“Ten years! Are you alone?”

“No, I am here with my family. My husband works at the men’s college and I have a girl of three and a baby boy. He is fourteen months.”

“Wow, you’re bringing up kids here! Has it been hard, living here so long?”

“Yes, it is hard,” she gave a short nod and pursed her lips, a gesture that seemed to express ironic humor, acceptance and weariness all at once.

“What is the most difficult thing for you?”

“The most difficult is being always inside, like a cage. In Pakistan, I am from the countryside near Islamabad, I always used to walk in the hills. I was a good walker, very strong, and it made me happy,” she smiled, “but here it is impossible. I want to take my children somewhere, I go up to the roof of our apartment building and we walk a little up there, but it is not the same. You see my skin? This acne, the dark rings under my eyes…I didn’t used to have them. It is because of the life here, because there is no sunlight. And it is hard to lose weight, except for Mrs. Skinny Iffat here.”

The woman in aquamarine leered humorously and stuck out her tongue.

“A gift for you, Mrs. Atif,” she laughed.

“What about the students? How are they?”

Atif gave the matter careful consideration “They are very stupid.”

“Really?”

“Yes. Their level is low. They never do homework. They are noisy in the class and do not have manners. They believe we are their servants, not their teachers. And be careful, if one girl thinks you have insulted her—maybe you tell her off for being late to class, maybe she is in a bad mood—she will talk with her friends about you and they will go to the Dean and the next day maybe you don’t have a job.”

“Yikes!”

“Yes Ma’am?” Atif asked the door.

I looked over and saw Reem had poked her head into the room and was flashing her diamond smile.

“Meeting with the men everyone!” she announced.

All the teachers stood up and started moving out the door. At first this seemed perfectly natural, but then a thought held me up. Wait a minute…this is a GIRL’S school…in Saudi Arabia! Surely no men are allowed? And none of the teachers are putting on their cloaks and veils so they can’t be going outside!

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Puzzled, I picked up a notebook and followed them downstairs, wondering what was going on. Had men really been permitted into the women’s campus? What was the point of all these restrictions if a man could just waltz onto female turf? Was Saudi gender segregation just a sham after all? Were we going to have some kind of orgy?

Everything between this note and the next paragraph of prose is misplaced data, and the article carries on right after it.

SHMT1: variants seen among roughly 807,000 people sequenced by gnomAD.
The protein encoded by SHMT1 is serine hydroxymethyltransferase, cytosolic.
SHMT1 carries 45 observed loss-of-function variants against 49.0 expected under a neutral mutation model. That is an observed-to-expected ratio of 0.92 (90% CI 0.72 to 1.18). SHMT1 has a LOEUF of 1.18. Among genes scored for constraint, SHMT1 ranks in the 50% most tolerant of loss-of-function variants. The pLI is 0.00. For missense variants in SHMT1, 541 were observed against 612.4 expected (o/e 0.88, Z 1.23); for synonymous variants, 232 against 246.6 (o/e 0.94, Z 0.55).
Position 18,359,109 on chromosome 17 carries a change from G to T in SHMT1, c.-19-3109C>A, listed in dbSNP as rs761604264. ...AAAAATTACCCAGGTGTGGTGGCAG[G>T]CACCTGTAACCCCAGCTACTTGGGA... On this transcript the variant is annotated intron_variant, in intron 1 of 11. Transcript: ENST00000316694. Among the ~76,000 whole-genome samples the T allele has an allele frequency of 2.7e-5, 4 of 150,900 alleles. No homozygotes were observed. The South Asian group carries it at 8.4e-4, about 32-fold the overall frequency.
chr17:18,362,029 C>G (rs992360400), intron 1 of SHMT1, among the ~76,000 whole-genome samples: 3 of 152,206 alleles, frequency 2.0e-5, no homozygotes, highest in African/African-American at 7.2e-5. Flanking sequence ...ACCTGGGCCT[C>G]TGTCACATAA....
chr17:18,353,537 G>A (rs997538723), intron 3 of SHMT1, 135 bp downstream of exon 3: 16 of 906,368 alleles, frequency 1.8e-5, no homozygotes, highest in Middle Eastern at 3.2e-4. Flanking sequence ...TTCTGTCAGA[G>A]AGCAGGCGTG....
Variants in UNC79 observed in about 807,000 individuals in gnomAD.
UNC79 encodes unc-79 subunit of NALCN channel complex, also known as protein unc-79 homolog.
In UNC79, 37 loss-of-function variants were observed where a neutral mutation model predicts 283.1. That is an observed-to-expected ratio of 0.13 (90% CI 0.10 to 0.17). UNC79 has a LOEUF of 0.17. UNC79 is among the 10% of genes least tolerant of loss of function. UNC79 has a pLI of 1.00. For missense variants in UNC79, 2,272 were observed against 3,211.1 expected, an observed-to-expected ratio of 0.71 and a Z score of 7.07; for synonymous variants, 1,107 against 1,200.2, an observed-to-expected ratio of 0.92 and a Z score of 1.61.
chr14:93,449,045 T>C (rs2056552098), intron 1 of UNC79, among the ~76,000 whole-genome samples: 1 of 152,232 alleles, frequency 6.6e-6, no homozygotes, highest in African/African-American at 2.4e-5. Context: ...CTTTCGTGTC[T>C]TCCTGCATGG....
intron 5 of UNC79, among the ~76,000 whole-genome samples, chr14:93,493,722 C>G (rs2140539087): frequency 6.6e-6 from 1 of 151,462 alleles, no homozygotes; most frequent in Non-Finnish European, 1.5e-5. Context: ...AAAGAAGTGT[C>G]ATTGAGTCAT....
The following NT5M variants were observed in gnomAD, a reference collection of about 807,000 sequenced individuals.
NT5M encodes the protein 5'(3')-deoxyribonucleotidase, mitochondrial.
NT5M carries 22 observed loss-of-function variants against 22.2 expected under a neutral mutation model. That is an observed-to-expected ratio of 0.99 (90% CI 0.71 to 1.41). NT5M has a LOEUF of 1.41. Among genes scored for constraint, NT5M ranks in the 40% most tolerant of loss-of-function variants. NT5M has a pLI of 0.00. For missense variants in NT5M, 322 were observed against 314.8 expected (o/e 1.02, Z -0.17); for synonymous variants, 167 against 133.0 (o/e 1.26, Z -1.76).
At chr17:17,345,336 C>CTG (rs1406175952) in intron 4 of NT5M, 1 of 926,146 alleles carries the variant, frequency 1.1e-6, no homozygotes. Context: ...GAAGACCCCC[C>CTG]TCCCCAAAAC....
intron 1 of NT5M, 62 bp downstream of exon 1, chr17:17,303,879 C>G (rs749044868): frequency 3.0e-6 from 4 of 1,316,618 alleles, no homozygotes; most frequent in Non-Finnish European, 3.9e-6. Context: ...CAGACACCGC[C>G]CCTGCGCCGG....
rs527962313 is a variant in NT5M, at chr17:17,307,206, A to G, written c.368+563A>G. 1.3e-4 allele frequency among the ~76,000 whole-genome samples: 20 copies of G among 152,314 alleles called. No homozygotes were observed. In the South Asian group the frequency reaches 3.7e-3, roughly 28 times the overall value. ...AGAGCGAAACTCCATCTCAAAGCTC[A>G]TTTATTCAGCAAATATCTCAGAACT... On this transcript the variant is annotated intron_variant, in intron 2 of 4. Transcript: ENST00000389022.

“Who are we meeting?” I asked the tall pregnant woman, who was wandering along in a dreamy way.

“Dr. Aasif, the Head of school.”

The women wandered to a tiny receptionist’s office just inside the main entrance, exactly where I’d seen the towering androgynous woman with the chin tattoos. When I got to the room, it was so full of people I could barely squeeze through the doorway. Reem was huddling over a telephone that sat on a desk in the middle of the room. Everyone else encircled her. There wasn’t enough room for everyone so couple of teachers went to stand outside rather than being squished. Reem wore a grave expression and hovered intently over the phone.

 

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So that was why we didn’t have to cover up—the meeting was going to be over the phone! I felt a strange sense of relief. After all, the gender-apartheid system was internally consistent.

“Dr. Aasif is supposed to call at twelve o’clock,” said Reem. “Now it is one minute to.”

As time passed, we all stood there with a sense of nervous expectation. A few minutes after the time for the appointment, we relaxed into soft whispers, teasing and giggles. Well, most of us did. Reem looked to be wound up so tight that she might shatter from the internal pressure.

When the phone finally rang, Reem pounced on it and looked at us, pressing her finger to her lips in warning.

“Good afternoon Dr. Aasif, this is Reem,” her voice, which had previously been sharp and commanding, transformed to suddenly become very quiet and very meek.

“Yes, we are all here Dr. Aasif. Yes, all right, now I will switch to speakerphone.”

She asked him to hold for a moment as she said something under her breath then tried a switch.

“Yes, hello Dr. Aasif, can you speak please, just to test if it is working?”

We all looked at the phone waiting for the Great Voice. A tiny squeak was holding forth from the receiver, but the speakerphone was silent.

“Hello? Hello? Dr. Aasif?” Reem timidly tried to get Dr. Aasif’s attention, but he barreled right along, talking up a tiny storm. Reem started jabbing at the switch with more urgency.

It didn’t work.